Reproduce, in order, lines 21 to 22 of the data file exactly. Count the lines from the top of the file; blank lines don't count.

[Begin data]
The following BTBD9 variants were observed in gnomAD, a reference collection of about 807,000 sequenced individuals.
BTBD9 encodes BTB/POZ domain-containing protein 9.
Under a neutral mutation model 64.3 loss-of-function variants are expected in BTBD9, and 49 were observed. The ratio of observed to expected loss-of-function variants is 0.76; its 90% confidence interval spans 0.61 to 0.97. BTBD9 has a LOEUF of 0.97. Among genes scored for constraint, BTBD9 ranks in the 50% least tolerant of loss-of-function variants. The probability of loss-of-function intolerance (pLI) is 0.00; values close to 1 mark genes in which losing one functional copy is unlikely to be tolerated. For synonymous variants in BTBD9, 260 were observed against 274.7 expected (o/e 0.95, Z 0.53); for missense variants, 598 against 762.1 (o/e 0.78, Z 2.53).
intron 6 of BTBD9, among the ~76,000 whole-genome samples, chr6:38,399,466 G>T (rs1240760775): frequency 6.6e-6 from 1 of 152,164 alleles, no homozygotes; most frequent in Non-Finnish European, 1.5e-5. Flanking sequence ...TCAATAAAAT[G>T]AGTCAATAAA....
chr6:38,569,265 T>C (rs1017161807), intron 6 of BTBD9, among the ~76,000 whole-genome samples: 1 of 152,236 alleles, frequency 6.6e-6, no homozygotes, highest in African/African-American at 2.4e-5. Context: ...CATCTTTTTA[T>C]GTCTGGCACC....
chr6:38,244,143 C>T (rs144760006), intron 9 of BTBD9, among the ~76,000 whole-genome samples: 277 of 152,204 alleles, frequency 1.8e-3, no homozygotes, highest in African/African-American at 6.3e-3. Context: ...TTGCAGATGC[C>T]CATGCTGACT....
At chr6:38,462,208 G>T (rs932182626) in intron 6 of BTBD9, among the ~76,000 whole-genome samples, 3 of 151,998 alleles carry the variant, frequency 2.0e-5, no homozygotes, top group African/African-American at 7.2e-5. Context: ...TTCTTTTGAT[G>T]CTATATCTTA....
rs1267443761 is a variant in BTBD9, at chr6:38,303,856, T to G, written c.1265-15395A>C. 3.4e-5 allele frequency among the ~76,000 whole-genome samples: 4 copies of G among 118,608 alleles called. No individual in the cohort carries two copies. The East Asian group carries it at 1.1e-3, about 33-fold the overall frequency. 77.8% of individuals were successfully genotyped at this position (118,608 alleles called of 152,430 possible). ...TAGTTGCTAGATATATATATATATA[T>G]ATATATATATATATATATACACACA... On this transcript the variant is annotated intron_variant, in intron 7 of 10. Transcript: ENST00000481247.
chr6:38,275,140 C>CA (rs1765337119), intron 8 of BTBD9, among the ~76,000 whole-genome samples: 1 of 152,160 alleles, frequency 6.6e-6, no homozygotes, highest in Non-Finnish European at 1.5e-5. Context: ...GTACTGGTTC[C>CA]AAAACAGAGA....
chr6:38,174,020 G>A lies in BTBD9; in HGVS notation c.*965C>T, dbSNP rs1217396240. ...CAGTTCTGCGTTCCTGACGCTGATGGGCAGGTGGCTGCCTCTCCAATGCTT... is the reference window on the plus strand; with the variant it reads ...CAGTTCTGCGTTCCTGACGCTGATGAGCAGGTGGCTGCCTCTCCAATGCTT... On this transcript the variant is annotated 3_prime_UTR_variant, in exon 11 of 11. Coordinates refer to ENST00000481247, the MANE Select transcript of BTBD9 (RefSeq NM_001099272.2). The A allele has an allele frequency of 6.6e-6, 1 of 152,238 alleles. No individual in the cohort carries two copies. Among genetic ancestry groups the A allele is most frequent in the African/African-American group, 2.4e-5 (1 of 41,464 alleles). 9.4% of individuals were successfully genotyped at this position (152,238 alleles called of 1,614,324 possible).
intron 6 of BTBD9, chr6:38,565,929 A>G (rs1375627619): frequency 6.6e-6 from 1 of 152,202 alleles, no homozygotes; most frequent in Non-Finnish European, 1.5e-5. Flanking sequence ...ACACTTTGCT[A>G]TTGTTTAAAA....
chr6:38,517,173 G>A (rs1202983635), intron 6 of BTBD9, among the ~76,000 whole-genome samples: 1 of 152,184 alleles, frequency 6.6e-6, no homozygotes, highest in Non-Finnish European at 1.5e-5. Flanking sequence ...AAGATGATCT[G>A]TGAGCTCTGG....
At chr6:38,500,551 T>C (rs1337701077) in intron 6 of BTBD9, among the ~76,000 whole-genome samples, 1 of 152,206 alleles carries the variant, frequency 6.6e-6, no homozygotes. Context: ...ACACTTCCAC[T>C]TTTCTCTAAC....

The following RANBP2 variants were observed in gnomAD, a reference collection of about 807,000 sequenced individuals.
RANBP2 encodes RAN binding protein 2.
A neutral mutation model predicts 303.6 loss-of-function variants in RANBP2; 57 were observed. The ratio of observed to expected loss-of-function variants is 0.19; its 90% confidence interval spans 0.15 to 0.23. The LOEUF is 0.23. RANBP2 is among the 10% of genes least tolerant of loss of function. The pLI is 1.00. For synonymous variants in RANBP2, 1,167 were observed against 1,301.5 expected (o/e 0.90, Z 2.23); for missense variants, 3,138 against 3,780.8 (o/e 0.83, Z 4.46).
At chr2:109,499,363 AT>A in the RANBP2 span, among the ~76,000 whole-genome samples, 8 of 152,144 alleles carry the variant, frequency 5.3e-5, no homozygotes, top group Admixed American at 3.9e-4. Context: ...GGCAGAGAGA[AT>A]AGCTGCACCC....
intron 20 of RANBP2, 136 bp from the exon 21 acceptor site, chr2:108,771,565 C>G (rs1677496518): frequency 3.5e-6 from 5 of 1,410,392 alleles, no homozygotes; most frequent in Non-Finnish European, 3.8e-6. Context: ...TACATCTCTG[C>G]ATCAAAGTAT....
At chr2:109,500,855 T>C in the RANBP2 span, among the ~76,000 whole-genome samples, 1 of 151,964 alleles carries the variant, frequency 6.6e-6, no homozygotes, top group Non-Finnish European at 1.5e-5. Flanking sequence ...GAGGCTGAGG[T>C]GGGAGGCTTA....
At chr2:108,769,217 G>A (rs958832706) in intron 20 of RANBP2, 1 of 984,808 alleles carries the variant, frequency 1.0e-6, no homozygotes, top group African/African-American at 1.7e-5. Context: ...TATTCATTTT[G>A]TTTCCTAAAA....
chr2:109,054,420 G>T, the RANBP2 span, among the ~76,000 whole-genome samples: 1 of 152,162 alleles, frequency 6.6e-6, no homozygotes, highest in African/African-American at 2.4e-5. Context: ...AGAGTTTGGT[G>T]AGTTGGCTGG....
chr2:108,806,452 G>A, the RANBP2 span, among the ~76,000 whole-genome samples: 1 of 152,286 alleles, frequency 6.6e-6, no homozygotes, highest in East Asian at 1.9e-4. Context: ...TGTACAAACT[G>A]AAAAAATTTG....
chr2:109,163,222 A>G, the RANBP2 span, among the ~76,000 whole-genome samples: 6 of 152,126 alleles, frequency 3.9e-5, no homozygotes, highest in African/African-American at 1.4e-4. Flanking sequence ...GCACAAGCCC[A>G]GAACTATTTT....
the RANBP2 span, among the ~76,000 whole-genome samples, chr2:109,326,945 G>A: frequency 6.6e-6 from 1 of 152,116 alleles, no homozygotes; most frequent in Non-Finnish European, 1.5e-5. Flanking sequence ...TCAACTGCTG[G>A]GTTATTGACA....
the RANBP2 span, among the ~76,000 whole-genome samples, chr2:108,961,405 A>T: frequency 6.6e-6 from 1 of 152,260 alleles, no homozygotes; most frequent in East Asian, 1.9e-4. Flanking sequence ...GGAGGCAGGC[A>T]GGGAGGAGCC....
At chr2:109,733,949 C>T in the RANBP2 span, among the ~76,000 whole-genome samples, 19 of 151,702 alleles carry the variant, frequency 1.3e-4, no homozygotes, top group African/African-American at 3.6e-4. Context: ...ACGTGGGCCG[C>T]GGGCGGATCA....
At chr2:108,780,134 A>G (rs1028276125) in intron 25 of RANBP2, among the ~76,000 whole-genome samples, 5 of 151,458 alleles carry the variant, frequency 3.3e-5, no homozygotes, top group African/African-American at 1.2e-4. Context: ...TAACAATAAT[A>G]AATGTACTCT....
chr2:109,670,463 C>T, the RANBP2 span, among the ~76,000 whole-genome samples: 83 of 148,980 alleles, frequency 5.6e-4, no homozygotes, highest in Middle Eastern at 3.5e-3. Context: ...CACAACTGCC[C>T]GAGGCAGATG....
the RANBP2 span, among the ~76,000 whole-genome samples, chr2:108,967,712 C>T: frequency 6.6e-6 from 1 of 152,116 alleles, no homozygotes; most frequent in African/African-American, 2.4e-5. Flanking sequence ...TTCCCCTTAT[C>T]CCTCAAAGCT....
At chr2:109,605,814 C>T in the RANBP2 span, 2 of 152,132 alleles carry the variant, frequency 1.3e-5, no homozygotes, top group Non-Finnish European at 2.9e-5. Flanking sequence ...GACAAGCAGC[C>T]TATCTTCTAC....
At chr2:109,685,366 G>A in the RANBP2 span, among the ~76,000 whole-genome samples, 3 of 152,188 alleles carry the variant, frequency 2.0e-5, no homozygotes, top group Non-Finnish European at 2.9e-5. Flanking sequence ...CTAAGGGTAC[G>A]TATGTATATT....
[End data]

chr2:109,054,420 G>T, the RANBP2 span, among the ~76,000 whole-genome samples: 1 of 152,162 alleles, frequency 6.6e-6, no homozygotes, highest in African/African-American at 2.4e-5. Context: ...AGAGTTTGGT[G>T]AGTTGGCTGG....
chr2:108,806,452 G>A, the RANBP2 span, among the ~76,000 whole-genome samples: 1 of 152,286 alleles, frequency 6.6e-6, no homozygotes, highest in East Asian at 1.9e-4. Context: ...TGTACAAACT[G>A]AAAAAATTTG....